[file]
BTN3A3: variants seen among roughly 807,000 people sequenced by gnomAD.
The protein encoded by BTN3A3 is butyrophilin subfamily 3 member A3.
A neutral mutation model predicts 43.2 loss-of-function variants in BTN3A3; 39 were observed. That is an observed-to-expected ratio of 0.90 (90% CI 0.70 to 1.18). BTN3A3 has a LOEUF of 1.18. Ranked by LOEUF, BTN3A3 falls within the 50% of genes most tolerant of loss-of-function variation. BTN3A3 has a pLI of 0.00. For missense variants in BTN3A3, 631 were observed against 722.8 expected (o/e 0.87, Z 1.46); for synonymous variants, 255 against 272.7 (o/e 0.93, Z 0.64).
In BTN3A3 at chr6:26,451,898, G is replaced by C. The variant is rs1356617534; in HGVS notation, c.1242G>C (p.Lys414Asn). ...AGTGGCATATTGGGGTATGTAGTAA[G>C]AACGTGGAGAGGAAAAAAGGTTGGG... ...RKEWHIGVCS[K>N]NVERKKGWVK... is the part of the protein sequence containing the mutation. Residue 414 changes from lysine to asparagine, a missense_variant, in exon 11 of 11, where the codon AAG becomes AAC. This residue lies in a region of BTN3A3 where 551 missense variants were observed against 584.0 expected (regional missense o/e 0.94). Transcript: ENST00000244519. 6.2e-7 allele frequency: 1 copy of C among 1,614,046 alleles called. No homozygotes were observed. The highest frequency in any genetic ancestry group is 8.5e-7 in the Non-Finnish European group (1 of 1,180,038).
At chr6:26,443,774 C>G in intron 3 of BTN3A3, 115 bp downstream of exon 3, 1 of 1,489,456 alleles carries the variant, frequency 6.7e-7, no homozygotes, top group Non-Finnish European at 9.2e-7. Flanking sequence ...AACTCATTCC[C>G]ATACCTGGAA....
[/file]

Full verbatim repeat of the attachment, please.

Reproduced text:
BTN3A3: variants seen among roughly 807,000 people sequenced by gnomAD.
The protein encoded by BTN3A3 is butyrophilin subfamily 3 member A3.
A neutral mutation model predicts 43.2 loss-of-function variants in BTN3A3; 39 were observed. That is an observed-to-expected ratio of 0.90 (90% CI 0.70 to 1.18). BTN3A3 has a LOEUF of 1.18. Ranked by LOEUF, BTN3A3 falls within the 50% of genes most tolerant of loss-of-function variation. BTN3A3 has a pLI of 0.00. For missense variants in BTN3A3, 631 were observed against 722.8 expected (o/e 0.87, Z 1.46); for synonymous variants, 255 against 272.7 (o/e 0.93, Z 0.64).
In BTN3A3 at chr6:26,451,898, G is replaced by C. The variant is rs1356617534; in HGVS notation, c.1242G>C (p.Lys414Asn). ...AGTGGCATATTGGGGTATGTAGTAA[G>C]AACGTGGAGAGGAAAAAAGGTTGGG... ...RKEWHIGVCS[K>N]NVERKKGWVK... is the part of the protein sequence containing the mutation. Residue 414 changes from lysine to asparagine, a missense_variant, in exon 11 of 11, where the codon AAG becomes AAC. This residue lies in a region of BTN3A3 where 551 missense variants were observed against 584.0 expected (regional missense o/e 0.94). Transcript: ENST00000244519. 6.2e-7 allele frequency: 1 copy of C among 1,614,046 alleles called. No homozygotes were observed. The highest frequency in any genetic ancestry group is 8.5e-7 in the Non-Finnish European group (1 of 1,180,038).
At chr6:26,443,774 C>G in intron 3 of BTN3A3, 115 bp downstream of exon 3, 1 of 1,489,456 alleles carries the variant, frequency 6.7e-7, no homozygotes, top group Non-Finnish European at 9.2e-7. Flanking sequence ...AACTCATTCC[C>G]ATACCTGGAA....